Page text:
When a loved one dies in New York, you may find yourself cut out of the will. This move by the decedent may seem unusual, given that you were once the executor.
Do you feel like something is amiss with the will? If so, the professionals at Busson & Sikorski, PC want to help you get a resolution. Sometimes, decedents change wills unexpectedly, but other times, evidence may point to wrongdoing. See if you have grounds for contesting the will through probate.
Standing to contest a will
New York law requires those who wish to contest a will have standing. To qualify under this prong, you must prove that you have an interest that relates to the finances attached to the estate, also known as a pecuniary interest. This means you must show that you are a beneficiary or were in a prior version, or that you are an heir who will receive less under the will than you would if there was not a will.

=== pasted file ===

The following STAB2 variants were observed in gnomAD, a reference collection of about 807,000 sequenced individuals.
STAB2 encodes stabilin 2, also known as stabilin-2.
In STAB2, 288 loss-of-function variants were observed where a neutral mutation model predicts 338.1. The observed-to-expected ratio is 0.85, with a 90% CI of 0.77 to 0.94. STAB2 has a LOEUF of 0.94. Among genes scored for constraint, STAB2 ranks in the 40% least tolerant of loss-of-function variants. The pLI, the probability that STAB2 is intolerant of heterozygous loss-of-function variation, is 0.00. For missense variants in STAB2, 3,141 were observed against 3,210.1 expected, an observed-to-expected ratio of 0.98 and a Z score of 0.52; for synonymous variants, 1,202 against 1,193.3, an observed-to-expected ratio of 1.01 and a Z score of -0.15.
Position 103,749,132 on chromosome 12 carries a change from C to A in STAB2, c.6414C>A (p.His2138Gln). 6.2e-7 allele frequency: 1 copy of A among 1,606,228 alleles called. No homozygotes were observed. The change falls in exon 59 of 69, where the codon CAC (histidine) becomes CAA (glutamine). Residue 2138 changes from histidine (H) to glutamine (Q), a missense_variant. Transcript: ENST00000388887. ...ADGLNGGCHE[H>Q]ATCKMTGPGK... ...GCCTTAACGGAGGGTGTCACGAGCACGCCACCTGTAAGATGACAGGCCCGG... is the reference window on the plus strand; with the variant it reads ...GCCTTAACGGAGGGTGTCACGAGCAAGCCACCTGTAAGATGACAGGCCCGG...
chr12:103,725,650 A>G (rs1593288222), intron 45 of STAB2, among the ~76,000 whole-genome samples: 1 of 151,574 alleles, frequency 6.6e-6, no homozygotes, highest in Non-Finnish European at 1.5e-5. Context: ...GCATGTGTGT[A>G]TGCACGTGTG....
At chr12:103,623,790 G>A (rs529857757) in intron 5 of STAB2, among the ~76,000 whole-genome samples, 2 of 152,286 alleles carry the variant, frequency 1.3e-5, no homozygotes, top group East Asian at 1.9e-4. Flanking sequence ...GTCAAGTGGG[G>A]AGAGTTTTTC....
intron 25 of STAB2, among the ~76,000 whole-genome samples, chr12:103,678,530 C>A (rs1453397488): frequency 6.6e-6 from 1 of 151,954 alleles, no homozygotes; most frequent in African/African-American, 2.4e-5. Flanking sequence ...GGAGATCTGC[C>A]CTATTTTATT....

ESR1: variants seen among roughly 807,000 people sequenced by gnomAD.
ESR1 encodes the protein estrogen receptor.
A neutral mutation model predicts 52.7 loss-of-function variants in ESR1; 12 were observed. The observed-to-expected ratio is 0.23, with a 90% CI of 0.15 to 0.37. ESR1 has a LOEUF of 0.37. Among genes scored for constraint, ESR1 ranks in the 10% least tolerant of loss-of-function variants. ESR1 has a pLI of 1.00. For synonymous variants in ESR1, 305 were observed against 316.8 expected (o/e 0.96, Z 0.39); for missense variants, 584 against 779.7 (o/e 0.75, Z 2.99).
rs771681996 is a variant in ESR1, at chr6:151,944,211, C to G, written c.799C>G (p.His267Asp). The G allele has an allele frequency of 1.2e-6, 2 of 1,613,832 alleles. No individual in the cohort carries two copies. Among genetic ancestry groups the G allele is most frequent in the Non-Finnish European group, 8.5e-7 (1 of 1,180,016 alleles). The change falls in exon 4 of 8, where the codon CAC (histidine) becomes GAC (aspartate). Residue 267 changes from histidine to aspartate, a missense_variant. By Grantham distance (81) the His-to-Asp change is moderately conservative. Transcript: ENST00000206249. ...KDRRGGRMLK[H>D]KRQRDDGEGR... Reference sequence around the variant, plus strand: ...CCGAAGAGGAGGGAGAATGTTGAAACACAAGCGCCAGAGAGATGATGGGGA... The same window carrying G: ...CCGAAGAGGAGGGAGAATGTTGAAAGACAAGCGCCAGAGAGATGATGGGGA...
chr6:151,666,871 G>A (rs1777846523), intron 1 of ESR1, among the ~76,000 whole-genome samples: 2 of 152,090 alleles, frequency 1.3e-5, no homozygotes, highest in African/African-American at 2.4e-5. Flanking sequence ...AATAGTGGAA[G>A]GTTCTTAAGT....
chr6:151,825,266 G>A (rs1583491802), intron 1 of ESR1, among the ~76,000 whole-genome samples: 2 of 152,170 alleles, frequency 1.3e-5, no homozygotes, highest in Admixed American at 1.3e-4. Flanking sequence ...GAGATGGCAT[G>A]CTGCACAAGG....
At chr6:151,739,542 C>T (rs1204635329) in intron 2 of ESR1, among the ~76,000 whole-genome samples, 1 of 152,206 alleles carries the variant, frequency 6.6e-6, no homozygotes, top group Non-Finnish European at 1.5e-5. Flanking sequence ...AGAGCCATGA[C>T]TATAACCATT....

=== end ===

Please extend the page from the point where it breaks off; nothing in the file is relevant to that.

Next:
Reasons for contesting a will
Once you show that you have the right to proceed, you must present evidence that one of the following is true:
- The will is fraudulent, meaning the decedent executed the will under fraudulent representations
- Undue influence occurred, placing pressure on the decedent to change the will
- The decedent did not wish to use this version of the will
- The decedent did not correctly execute the will
- At the time the will signing occurred, the decedent was not of sound mind and body
Finding out that a loved one changed a will is shocking and may occur under suspicious circumstances. For more insight on this process, click here for our website.